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Theories on Dreams

By Stanley C Loewen | Psychology | Rating:

It seems that even though science has come up with an answer for nearly everything, it still canít account for dreams. What are dreams? Why do we even have dreams? Where do dreams come from? These are all questions that are asked all of the time but still have no concrete answers. Psychology has several different theories about dreams and what kind of effect they really have. The fact that we spend so much time sleeping and answers about our dreams are still so few is quite interesting; also interesting is the fact that science is still trying to answer questions about sleep itself.

While there are still no certainties when it comes to dreams, here are a few of the theories that psychologists have come up with so far to try and explain why we dream. There are a couple of theories stemmed from major psychological theories as well as many others that are based solely on hypothesis and observation.

The Psychoanalytic Theory

First itís important to note that Sigmund Freud was a major proponent of this theory. The psychoanalytic theory suggests that peopleís aggression and sexual instincts are what drive them, and that since these are blocked from our conscious minds, they instead try and come out in our unconscious state. Freud has completed a significant amount of research on dreams, including his book "The Interpretation of Dreams," where he discussed the idea of dreams being our way of fulfilling the desires that we keep repressed and hidden away. The only way for our repressed desires to come into our awareness is through our dreams, and Freud suggests that there are two components that come into play; latent content and manifest.

Manifest content is what we are actually seeing in our dreams; the images, emotions, and full content of the dream. The latent content is what many seek to find when they dream; the hidden meaning. What, psychologically does a dream mean? Dream interpretation, according to Freud, unveils what your dreams are truly about and exposes your repressed thoughts and desires.

The Activation-Synthesis Theory

Suggested back in 1977, this theory states that dreams are caused by activity in the brain. Robert McClarley and J. Allan Hobson were the psychologists who proposed this theory and they believed that during REM sleep, brain circuits are activated and this causes the limbic system to become active. This system is responsible for memories, emotions, and sensations, and according to this theory, the brain tries to interpret this activity and dreams are what result.

Even though this theory is all about dreams being caused by internal functions, Hobson does still believe that dreams have some sort of meaning. While he does not side with Freudís theory about dreams being our unconscious bringing our repressed emotions to the surface, he does believe that they are our, "Ömost creative conscious state." He believes that even though the majority of dreams make no sense, every now and then there is a dream that we find useful; thereby making our dreaming actually worthwhile.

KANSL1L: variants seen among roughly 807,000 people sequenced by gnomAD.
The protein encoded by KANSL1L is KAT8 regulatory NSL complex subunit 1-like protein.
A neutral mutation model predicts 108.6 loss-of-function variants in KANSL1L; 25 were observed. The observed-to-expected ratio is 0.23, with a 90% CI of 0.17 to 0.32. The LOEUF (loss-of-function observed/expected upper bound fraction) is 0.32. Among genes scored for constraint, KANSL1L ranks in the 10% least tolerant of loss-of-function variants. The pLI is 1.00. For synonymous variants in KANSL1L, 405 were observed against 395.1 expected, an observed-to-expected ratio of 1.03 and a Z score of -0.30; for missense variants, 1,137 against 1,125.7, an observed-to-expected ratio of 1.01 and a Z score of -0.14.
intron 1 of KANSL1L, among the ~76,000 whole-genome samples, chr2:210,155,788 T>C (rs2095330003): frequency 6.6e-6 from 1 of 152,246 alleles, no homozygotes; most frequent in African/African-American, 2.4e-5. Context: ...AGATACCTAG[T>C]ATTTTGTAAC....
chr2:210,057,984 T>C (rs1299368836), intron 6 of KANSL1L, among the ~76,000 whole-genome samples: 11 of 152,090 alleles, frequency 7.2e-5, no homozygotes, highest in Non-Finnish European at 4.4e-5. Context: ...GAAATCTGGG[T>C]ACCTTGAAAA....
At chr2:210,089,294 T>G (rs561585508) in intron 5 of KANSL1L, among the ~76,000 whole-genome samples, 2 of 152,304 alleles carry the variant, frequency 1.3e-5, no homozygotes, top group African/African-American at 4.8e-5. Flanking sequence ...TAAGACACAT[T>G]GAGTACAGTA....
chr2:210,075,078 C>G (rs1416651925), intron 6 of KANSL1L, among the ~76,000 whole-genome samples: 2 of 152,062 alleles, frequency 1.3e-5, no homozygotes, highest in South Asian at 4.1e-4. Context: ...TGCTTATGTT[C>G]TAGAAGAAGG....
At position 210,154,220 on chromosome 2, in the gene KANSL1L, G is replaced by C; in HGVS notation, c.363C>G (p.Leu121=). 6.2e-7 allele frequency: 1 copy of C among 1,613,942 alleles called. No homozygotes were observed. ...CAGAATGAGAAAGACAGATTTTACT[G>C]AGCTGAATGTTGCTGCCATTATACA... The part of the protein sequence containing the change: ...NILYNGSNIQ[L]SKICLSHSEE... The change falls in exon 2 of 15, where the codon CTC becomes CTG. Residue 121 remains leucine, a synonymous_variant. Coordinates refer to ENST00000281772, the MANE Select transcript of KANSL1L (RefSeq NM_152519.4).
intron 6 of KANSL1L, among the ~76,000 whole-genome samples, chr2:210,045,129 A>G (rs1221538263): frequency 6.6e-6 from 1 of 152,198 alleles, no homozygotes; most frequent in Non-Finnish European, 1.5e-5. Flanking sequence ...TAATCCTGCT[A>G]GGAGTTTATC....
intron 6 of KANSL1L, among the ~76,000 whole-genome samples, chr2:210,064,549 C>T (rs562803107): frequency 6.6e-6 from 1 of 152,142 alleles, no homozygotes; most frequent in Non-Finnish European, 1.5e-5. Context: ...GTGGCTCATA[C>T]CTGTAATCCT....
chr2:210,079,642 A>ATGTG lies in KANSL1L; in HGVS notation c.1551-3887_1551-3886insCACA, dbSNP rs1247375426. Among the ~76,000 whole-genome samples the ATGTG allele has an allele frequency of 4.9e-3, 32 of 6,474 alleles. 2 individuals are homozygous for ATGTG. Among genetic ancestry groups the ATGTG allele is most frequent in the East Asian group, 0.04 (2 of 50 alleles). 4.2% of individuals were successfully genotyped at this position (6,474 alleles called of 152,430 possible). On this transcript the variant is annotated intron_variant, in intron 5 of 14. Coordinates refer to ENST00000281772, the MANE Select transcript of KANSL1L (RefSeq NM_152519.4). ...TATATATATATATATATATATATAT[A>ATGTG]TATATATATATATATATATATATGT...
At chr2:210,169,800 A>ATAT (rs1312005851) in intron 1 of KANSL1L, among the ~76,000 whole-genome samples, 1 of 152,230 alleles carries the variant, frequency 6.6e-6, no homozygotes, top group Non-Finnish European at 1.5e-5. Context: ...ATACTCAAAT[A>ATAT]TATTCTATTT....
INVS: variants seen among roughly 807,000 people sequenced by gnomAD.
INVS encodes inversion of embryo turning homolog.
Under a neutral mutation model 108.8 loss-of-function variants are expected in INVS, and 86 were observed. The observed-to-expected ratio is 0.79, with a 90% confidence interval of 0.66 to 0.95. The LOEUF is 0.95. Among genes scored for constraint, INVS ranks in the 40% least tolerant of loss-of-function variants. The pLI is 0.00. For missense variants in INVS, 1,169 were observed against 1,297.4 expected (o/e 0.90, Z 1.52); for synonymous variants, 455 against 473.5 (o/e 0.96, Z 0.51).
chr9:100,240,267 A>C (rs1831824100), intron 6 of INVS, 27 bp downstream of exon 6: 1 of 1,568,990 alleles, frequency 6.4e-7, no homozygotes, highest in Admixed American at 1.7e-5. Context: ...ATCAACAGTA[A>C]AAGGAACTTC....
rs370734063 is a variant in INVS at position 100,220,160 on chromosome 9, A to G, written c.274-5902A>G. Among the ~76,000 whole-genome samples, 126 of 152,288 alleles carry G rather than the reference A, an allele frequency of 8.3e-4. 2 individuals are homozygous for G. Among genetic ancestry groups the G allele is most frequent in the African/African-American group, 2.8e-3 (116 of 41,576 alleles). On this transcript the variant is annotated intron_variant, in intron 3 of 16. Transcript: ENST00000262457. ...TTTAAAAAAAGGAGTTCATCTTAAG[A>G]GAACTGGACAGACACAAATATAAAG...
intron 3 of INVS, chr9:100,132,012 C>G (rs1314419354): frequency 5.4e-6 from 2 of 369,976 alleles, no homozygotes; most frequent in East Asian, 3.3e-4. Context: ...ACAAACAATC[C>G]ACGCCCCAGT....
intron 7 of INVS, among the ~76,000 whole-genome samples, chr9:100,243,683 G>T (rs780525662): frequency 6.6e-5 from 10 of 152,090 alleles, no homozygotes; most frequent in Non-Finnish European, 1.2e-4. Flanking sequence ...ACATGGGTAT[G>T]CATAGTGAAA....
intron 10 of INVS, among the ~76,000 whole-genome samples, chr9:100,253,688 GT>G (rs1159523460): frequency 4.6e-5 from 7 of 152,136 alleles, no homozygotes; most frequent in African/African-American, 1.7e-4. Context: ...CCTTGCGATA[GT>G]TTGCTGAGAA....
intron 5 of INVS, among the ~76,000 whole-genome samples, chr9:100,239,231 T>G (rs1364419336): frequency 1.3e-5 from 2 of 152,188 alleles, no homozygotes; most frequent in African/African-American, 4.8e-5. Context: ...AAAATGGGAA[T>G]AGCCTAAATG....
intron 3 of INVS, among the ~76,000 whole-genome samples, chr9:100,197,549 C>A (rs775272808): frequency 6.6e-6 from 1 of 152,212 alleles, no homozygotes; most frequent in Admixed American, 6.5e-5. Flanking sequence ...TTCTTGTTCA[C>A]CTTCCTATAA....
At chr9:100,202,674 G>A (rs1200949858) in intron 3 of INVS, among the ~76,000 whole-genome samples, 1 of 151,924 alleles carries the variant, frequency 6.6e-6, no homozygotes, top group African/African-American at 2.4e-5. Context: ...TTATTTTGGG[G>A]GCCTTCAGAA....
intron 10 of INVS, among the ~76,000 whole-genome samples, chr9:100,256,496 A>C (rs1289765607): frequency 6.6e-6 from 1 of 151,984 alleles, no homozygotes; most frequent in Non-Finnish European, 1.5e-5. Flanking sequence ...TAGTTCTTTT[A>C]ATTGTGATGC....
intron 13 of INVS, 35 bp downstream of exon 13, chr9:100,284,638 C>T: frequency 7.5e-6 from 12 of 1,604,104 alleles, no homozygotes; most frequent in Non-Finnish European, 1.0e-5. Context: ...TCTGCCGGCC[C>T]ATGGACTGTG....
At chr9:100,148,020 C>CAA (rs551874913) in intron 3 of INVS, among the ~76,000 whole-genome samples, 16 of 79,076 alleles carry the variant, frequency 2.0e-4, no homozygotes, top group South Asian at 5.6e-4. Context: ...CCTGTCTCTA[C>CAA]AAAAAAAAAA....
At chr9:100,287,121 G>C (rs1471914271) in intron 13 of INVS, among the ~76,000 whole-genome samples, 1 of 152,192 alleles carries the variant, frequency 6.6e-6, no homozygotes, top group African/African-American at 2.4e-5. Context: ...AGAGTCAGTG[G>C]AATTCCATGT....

A Combination of Theories

There are so many theories about dreams that many of them donít stem from one psychological theory and others propose that a combination of theories are at work. Each theory makes perfect sense Ė itís just a matter of finally finding which one is actually right; or perhaps they are all wrong?

One theory that is more contemporary suggests that parts of many theories are correct and seeks to take the best part of each theory to determine how dreams are made. This theory claims that while the anatomical activity in the brain, proven by science, is what creates the activity that leads us to dream it is our personal thoughts and emotions that actually guide the dream.

Another theory states dreams are merely what take place when our brains take in the things that are happening around us while we sleep. As our brain tries to interpret the radio, television, talking, or anything else that is going on while we sleep, we end up dreaming. Most people have had the experience of dreaming about their alarm clock going off only to wake and find that it really is going off. This theory makes sense if you consider it that way, but it still leaves the question of where the dreams we have during complete silence come from.

Yet another theory suggests that dreams are like a personal psychotherapy session. Through our dreams, we are able to openly and clearly deal with personal thoughts, emotions, and issues within the safety of our own mind. This would mean that dreaming really does have a purpose and a benefit; something that more and more theories are aiming to prove.

One interesting theory compares dreaming with cleaning your computer. The dreams tie up loose ends and clean everything out of our minds as sort of a "refreshing" process. By dreaming at night, we clear our minds for the day that lies ahead.

Whatever the reasons for our dreams, everyone can agree that they are extremely personal. Sometimes we dream about things that we canít even begin to explain and other times we spend days trying to decide what a dream meant. Despite the conflicting ideas between the dream theories, it seems that most of them suggest that dreams really do have a purpose and are even beneficial. Hopefully in time, science will help to prove this idea so that all may know that dreams are not merely a waste of time.





Stanley C Loewen

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